Battle on for runs
Bourda, Guyana - A definite pattern has developed after two days of the first Cable & Wireless Test between Pakistan and West Indies.
The West Indies, 101 for three when fading light halted the second day seven overs before schedule, are 187 short of Pakistan's first innings 288 and already finding Mushtaq Ah-med's tantalising mixture of leg-breaks and googlies a handful.
Committed to batting last by Jimmy Adams' justifiable gamble on winning the toss, they ideally need to bat through the third day, compile over 300 and limit the time they will have to bat and the runs they will have to make second time round.
It demands significant innings from Adams himself and Shivnarine Chanderpaul, the two most seasoned batsmen in their inexperienced and unproven order, who resume their difficult assignment this morning.
Committed to their traditional all-pace attack on a slow, flat pitch, the West Indies effectively used defensive tactics to restrict Pakistan to 67 runs from 37.2 overs yesterday as their remaining five wickets could only convert their first day 221 for five to 288 all out.
Pakistan responded with their powerful combination of speed, swing and spin that brought 934 Test wickets between them into the match. They claimed an early wicket when Sherwin Campbell's careless stab was snapped up by Younis Khan inches from the ground at second slip off Wasim Akram and then, after nine overs, had Mushtaq wheeling away for the rest of the afternoon through 17 cionsecutive overs from the Regent Street end.
Three catchers huddled around in such proximity they could reach out and touch the batsmen, there was the now routine theatrical appealing for lbws and close catches and Mushtaq reacted to almost every ball as if it should have claimed a wicket.
At the opposite end, captain Moin Khan revolved the varied pace of the left-arm Akram, the right-arm Abdur Razzaq and Waqar Younis and the off-spin of Saqlain Mushtaq.
After an encouragingly positive second-wicket partnership of 67 between Adrian Griffith and Wavell Hinds, the first two of eight consecutive left-handers, the going became increasingly tough for West Indies.
Griffith, straighter in his stance than usual, took a particular fancy to Younis, three times driving him through mid-off and straight for fours and slapping him to point for another when he pitched short.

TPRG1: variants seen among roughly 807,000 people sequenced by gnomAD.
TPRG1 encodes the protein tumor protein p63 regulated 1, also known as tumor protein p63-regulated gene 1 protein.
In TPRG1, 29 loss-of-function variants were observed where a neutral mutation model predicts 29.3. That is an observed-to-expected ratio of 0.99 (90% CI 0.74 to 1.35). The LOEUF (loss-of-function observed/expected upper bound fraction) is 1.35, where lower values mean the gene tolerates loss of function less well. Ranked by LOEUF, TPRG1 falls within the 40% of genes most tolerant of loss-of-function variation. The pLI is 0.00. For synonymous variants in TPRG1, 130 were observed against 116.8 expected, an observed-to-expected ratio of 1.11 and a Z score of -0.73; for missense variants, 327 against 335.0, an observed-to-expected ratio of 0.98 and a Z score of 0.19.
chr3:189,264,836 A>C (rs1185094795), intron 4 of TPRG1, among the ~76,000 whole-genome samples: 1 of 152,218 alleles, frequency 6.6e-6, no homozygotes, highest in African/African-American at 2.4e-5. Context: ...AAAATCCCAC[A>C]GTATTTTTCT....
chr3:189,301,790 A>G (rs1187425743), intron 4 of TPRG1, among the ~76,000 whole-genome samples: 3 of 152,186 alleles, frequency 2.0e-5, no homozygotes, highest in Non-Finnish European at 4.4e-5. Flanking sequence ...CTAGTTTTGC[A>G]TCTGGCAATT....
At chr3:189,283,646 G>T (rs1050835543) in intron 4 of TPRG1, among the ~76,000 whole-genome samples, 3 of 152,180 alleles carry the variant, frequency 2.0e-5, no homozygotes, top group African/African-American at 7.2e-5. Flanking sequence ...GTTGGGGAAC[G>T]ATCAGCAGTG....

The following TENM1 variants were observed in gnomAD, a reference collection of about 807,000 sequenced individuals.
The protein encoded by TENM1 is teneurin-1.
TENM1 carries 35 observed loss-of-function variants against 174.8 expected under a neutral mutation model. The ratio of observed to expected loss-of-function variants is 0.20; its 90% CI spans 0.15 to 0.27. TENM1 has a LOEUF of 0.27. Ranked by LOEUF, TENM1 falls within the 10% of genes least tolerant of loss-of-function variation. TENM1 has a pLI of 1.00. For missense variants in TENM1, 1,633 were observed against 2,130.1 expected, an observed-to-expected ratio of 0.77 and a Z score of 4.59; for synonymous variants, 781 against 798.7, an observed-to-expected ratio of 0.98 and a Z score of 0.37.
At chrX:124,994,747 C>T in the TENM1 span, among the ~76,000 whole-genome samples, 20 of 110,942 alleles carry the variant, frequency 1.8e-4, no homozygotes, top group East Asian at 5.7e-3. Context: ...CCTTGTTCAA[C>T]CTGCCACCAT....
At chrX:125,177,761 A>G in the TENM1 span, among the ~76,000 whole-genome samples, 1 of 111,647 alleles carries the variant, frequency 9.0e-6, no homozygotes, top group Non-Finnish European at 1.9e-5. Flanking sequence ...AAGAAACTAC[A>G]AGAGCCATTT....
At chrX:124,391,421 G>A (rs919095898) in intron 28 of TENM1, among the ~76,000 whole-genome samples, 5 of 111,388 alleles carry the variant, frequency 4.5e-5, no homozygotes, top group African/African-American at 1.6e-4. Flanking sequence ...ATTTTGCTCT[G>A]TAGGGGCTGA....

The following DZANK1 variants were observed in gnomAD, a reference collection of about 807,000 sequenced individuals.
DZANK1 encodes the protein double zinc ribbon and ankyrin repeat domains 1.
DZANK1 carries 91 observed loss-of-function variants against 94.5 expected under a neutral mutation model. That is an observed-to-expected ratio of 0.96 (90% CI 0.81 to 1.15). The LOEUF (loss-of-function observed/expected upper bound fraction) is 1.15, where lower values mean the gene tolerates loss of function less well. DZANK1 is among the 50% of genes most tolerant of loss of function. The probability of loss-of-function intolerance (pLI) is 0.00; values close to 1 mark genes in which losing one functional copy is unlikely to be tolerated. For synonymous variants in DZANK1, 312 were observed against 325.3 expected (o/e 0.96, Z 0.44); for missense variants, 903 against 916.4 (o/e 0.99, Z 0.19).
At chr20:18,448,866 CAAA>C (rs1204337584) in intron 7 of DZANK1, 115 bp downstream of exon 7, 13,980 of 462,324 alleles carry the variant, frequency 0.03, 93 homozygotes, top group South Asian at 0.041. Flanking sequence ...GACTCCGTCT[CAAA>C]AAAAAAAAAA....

The best of Hinds' five boundaries was a sweet drive through extra-cover. Three were off Mushtaq against whom he was never at ease.
Their stand ended when Razzaq removed Griffith lbw for 34 in a spell that gave the batsmen no respite. Hinds' tortured time against Mushtaq ended ten runs later when he missed an expansive drive and was so swiftly stumped by Moin Khan, it required eight replays of the television footage for third umpire Colin Alfred to press the red light.
Twenty minutes earlier, a leg-break had hit the top of his off-stump but, for the second time in the day, mysteriously did not remove the bail. Waqar had similarly escaped on a deflection from his boot off Walsh at the tailend of the Pakistan innings.
In spite of the generosity of five more missed chances, Pakistan could not capitalise on the record sixth-wicket partnership between Inzamam-ul-Haq and Razzaq that had pulled them from the depths of 39 for five an hour and 20 minutes into the opening day.
West Indies, deliberately defending from the start in spite of a ball only one over old, removed the dangerous Inzamam for 135 after an hour and 20 minutes.
Inzamam's six-and-three-quarter hours of high-quality batsmanship, during which he stroked 20 boundaries in all directions for his tenth hundred in his 62nd Test, was ended by Reon King's first ball of the day, a late inswinger that struck him as he came forward.
Inzamam's stand with Razzaq was worth 206, the highest for the wicket for Pakistan in the 35 Tests between the teams.
Razzaq, 80 overnight, seemed overcome by the prospect of a maiden hundred in his fourth Test and, virtually strokeless, was restricted to seven runs off the 79 balls he received for the day.
When he attempted to break free after lunch, he edged Nixon McLean to first slip, after which the innings subsided meekly with another wicket to Walsh, McLean and Curtly Ambrose.
West Indies would have ended things earlier but for their inept catching.
Walsh allowed Inzamam, dropped on 32 a day earlier, his second escape at 121 when he couldn't hold on to a return. Razzaq was twice put down at 82.
It added up to seven misses - generosity no team can afford, least of all one batting last.